Problem is, and almost always has been that women smirk at and scorn the Vette. Most women. And they just aren’t helping themselves here with that Transformers zappy toy look of the new hot GM car design. Are they just giving up on anyone with taste in design, and going for the comic book crowd? Soften it up, dudes. Show some class.

    • bear_in_mind says:

      I had the same response! I like the new fender and quarter-panel lines, but the liberal application of the black “vents” (or whatever the hell they are) in the front fender, rear fender, taillight assemblies, just screams Hot Wheels to me. But a little more attention to design subtlety and addressing the interior accoutrements might just make it a “buy” for me.

  7. vaughn says:

    just looked at a restored 77…..one of the more beautiful designs

  8. jaymaster says:

    Based on my observations (anecdotal, I’ll admit), the notion of the ‘vette being an old man’s car is more than just a myth.

    I live near Carlisle, PA, and I regularly attend many of the large car shows there. Attendance at the corvette shows are hugely skewed to the middle aged and above. But I’d say they actually have an above average female attendance, relative to other shows.

    More troubling for GM, 10 years ago it looked like the crowd was mostly 40+. Today, they look closer to 50+.

  9. MayorQuimby says:

    What does Barry Ritholtz drive?!

  10. RW says:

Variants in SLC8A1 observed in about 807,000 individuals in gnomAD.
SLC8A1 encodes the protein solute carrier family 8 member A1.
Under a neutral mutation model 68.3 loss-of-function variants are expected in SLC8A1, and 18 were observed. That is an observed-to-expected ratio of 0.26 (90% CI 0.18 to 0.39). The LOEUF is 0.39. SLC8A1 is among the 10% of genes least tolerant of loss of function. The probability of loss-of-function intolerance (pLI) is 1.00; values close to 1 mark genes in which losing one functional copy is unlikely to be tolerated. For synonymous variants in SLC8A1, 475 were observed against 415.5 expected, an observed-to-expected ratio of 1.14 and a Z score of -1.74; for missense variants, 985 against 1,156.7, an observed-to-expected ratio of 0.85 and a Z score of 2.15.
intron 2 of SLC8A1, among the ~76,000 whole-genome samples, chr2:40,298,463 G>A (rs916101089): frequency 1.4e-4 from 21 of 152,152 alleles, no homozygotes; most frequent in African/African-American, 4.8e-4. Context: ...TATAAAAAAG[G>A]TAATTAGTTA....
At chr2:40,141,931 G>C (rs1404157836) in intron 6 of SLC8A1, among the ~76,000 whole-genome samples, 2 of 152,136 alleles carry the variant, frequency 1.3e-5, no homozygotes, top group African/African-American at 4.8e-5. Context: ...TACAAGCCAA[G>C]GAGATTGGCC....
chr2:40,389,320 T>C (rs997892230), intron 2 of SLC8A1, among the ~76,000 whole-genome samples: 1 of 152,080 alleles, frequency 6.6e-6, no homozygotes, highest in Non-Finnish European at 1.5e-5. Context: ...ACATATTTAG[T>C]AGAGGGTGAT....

My definition of a stylish muscle car was a 1967 Stingray w/ 427 powerplant (that I only drove twice) and I never got over it. Just about every millennial successor hot rod could probably beat it (on technical grounds at least) but since that is actually irrelevant to the question I’m not sure why I even bothered to mention it; we’re talking psyche spelled with an ‘e’ here.

  11. Livermore Shimervore says:

    Old school Chevy engine tech and horse and buggy suspension is already obliterating the best Porsches and Ferraris…on street tires. Good Lord wait until some really fast stickies are mounted to that C7.
    Henessy have just unveiled a super charged performace package that will put the C7 into N-ring lap shattering territory (700 HP) for a pittance relative to what it would cost to upsuit a Porsche or Ferrari for similar performance gain over showroom stock. And the kicker, unlike Porsche, GM will not tell you to pound sand if you track the C7 and the engine goes kaput.

    also, the complaints that the rear looks like a Camaro really baffle me. First of all, go actually take a look at the rear of a Camaro, it looks vaguely like the Stingray’s. The Stingray has much more depth and engineering at work back there. I would say the front end of the 991 GT3 looks more like a VW Beettle than the Stingray rear looks like a Camaro.
    Although I agree with BR, the interior needs more cow bell. The cruise ship capatain cockpit center console, like on a Panamera looks out of place for a performance oriented car, this isn’t a Grand Touring like a Carrera. They should have followed the design of the Ferrari 430 Scuderia; with carbon race seats, the interior is cavernous, plenty of room for over-sized Americans.